Thursday, September 24, 2009
Another great book, by Subroto Bagchi, simply called The Professional. This book, now on stands and available for purchase online, has been published by Penguin (Portfolio). Priced at Rs 399, it is an invaluable tool, which guides you to reach an answer on: Who is a Professional?
While the review below, will appear in the forthcoming journal of the Bombay Chartered Accountant's Society (BCAS), I thought I should share the book review with other readers, who are not members of the BCAS. Also do hop across to the author's blog and participate in lively discussions.
The Satyam episode led to some uncomfortable situations for us CA-professionals. The general public did tend to paint us all with the same brush. It may have led to some uncomfortable encounters at networking events when people came up to us during the tea-break and questioned us about “our profession”. Hopefully we will never have to face such a scenario again.
This incident brought to the forefront the moot question. Does having a professional qualification (say: the much coveted CA tag), make one a professional?
The answer is no. Anyone can with the right amount of hard work (and luck, as most of us CAs would like to add) can acquire a professional degree. However, it is the ability to stay true to ourselves and our vocation that makes us a true professional.
Subroto Bagchi, Gardener and Vice-Chairperson to the Board, MindTree Limited in his latest book “The Professional” answers this important question: What does it take to be considered a true professional in any field?
“The Professional” comprises of seven distinct parts and the author does tell us to read each part sequentially in the order it is presented in the book, so as to get the maximum benefit from it. Each part comprises of short narratives drawn from real-life – both positive and negative examples – covering various professions and work-life scenarios. These narratives comprise of situations which you and I have encountered/witnessed or are most likely to encounter or witness as we move up in our professional careers.
Part 1, explains the concept of integrity and how and why it is the key stone of professionalism. In fact, during the course of writing this book, Subroto Bagchi reached out to a group of people whom he admired for their professionalism and asked them to share the qualities of a professional. Integrity was a quality that topped. Little wonder then, that Integrity is also the key stone of this book.
In Part 2, we move on to read about self-awareness and learn some valuable lessons, which include the power to say NO, which can be daunting when we have not yet risen in our career and the need to be generous, gracious and courteous to others when we are at the pinnacle of our professional career. Part 3 deals with basic qualities that makes one a well rounded professional. Subroto Bagchi calls the first three parts, the foundational pillars.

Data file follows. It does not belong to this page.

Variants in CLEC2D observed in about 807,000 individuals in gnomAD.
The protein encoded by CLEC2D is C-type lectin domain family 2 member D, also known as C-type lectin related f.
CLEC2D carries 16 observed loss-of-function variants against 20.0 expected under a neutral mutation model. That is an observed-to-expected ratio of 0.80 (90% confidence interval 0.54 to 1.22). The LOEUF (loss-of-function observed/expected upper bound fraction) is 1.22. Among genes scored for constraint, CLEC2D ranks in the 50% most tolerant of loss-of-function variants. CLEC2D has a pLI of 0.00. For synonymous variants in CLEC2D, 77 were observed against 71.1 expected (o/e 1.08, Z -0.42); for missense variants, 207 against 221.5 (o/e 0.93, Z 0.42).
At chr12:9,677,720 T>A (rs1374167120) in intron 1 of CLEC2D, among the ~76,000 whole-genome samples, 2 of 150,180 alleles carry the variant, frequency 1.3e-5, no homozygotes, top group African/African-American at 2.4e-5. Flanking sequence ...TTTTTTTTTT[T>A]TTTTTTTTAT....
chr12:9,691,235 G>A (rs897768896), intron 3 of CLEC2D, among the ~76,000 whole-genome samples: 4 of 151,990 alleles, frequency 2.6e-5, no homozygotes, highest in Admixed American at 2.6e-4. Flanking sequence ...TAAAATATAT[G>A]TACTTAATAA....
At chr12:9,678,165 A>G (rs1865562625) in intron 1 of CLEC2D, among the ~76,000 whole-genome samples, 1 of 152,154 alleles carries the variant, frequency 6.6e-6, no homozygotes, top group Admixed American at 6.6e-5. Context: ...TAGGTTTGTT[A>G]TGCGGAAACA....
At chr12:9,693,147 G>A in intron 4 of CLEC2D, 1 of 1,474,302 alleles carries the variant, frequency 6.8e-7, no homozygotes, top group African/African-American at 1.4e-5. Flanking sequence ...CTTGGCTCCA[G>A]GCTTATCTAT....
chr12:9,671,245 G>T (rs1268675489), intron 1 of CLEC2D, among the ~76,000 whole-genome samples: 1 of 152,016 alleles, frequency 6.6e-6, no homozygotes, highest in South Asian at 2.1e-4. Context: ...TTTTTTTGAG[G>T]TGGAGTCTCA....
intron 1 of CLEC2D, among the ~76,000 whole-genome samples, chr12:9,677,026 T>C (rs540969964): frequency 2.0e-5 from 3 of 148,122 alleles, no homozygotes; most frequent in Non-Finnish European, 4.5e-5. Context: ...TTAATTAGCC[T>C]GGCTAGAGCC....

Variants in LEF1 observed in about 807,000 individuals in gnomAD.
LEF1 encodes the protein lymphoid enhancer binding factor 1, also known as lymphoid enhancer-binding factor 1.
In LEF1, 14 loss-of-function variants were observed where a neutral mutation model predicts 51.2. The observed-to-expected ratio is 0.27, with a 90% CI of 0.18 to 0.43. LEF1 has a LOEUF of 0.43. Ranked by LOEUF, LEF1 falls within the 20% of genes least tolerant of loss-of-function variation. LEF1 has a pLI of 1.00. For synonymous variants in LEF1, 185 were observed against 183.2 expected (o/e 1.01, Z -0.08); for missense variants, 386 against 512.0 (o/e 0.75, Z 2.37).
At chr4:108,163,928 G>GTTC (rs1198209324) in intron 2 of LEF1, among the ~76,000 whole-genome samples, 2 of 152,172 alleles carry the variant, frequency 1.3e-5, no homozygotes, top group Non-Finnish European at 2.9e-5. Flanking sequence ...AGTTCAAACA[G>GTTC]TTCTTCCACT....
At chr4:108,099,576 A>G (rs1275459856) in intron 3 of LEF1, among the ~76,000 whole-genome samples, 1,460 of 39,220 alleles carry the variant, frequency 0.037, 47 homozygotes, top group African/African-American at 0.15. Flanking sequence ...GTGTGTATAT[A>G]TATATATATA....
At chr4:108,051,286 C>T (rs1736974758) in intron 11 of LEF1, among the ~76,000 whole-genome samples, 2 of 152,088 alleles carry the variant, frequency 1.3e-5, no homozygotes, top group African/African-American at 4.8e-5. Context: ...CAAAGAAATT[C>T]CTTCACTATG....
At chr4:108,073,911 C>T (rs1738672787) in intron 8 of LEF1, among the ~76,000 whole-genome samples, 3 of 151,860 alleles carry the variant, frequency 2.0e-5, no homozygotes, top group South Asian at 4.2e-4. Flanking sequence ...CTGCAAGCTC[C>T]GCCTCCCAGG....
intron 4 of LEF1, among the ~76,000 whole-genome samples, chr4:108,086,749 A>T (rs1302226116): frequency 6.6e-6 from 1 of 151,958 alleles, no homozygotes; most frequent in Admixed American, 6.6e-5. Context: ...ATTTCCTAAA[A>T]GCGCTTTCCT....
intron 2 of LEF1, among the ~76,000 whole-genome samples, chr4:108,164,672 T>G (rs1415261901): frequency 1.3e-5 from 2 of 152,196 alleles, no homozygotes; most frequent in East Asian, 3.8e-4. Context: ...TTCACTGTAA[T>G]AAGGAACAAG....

As people become more experienced they have to deal with a larger volume of work, responsibilities and complexity. Yes, Part 4 and 5 provides us tools to cope with this. Integrity also makes good business sense and Subroto Bagchi describes this with ample illustrations, those of his own and those which he witnessed. The Abilene Paradox, where people agree to do strange things, when they suppress their own voice and simply go along with what everyone else is saying has been well described in the back drop of the Satyam episode. Yes, the voice of dissent plays a very important role and this is not the same as unconstructive criticism or plain whining.
All of us increasingly have to operate in global market-place. Part 6 guides us on how best to do so. Based on his experiences, Subroto Bagchi touches upon important facets of: Inclusion and Gender, Cross Cultural Sensitivity, Governance, Intellectual Property and Sustainability. Towards the end of the book is a chapter titled ‘The Unprofessional,’ with a list of ten markers of unprofessional conduct, such as: Missing a deadline, Non-escalation of issues on time, Non-disclosure, Not respecting privacy of information, Not respecting ‘need to know’, Plagiarism, Passing on the blame, Overstating qualifications and experience, Mindless job-hopping and Unsuitable appearance.
There is no beginning or end in being a professional it is a life-long learning curve. Yet, this book provides a handy, well illustrated, tool-kit to be a better professional. Ultimately Professionalism boils down to individual choice, and indeed it is for you and me to continue on the path towards becoming a better professional.
A paragraph in the book aptly states this: “A doctor becomes part of an insurance fraud. A policeman colludes with a criminal. A lawyer bribes a judge. In each instance, the professional breach is justified as the price to be paid to be part of a system. The truth is, it is an individual choice”.
Subroto Bagchi in his book adds: “… Society on the while may not always put a premium on the practice of professional values and hence most people do not incorporate it into their lives. But practicing professional values is about who you are and what you want to be known as – a professional or merely professionally qualified. And, in the end, even the most corrupt society hails the ones that choose to be different.”
This itself, gives me hope. Amen.
PS: There is also a message by Subroto Bagchi for the members of the Bombay Chartered Accountant's Society. Do look up the BCAS Journal for this message..
Source of Photographs: Photograph of the book downloaded from the author's website
The sunrise is a photograph I shot, some years ago, at Tata Plantations, Coorg, India.